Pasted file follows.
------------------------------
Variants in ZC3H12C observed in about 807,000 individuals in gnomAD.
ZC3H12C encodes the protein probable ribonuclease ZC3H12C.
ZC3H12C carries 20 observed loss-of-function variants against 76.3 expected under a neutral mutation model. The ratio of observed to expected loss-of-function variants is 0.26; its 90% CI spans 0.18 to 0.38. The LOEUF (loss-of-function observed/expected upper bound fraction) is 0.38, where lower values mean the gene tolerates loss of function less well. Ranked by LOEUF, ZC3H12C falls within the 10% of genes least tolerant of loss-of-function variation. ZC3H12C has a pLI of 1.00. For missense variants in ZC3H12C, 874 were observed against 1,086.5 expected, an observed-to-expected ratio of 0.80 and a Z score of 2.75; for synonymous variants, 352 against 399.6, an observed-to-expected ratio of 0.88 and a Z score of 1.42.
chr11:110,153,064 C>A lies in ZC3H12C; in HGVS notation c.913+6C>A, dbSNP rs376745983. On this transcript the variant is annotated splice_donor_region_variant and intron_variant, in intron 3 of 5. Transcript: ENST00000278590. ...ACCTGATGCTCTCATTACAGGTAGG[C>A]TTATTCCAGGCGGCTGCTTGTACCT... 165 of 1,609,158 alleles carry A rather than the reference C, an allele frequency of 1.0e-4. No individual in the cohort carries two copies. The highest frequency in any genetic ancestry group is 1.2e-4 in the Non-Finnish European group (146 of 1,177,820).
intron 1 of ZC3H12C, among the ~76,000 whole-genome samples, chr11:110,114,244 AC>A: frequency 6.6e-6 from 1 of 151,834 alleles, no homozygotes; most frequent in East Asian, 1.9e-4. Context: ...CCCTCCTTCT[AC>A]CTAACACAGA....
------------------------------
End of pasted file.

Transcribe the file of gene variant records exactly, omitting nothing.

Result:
Variants in ZC3H12C observed in about 807,000 individuals in gnomAD.
ZC3H12C encodes the protein probable ribonuclease ZC3H12C.
ZC3H12C carries 20 observed loss-of-function variants against 76.3 expected under a neutral mutation model. The ratio of observed to expected loss-of-function variants is 0.26; its 90% CI spans 0.18 to 0.38. The LOEUF (loss-of-function observed/expected upper bound fraction) is 0.38, where lower values mean the gene tolerates loss of function less well. Ranked by LOEUF, ZC3H12C falls within the 10% of genes least tolerant of loss-of-function variation. ZC3H12C has a pLI of 1.00. For missense variants in ZC3H12C, 874 were observed against 1,086.5 expected, an observed-to-expected ratio of 0.80 and a Z score of 2.75; for synonymous variants, 352 against 399.6, an observed-to-expected ratio of 0.88 and a Z score of 1.42.
chr11:110,153,064 C>A lies in ZC3H12C; in HGVS notation c.913+6C>A, dbSNP rs376745983. On this transcript the variant is annotated splice_donor_region_variant and intron_variant, in intron 3 of 5. Transcript: ENST00000278590. ...ACCTGATGCTCTCATTACAGGTAGG[C>A]TTATTCCAGGCGGCTGCTTGTACCT... 165 of 1,609,158 alleles carry A rather than the reference C, an allele frequency of 1.0e-4. No individual in the cohort carries two copies. The highest frequency in any genetic ancestry group is 1.2e-4 in the Non-Finnish European group (146 of 1,177,820).
intron 1 of ZC3H12C, among the ~76,000 whole-genome samples, chr11:110,114,244 AC>A: frequency 6.6e-6 from 1 of 151,834 alleles, no homozygotes; most frequent in East Asian, 1.9e-4. Context: ...CCCTCCTTCT[AC>A]CTAACACAGA....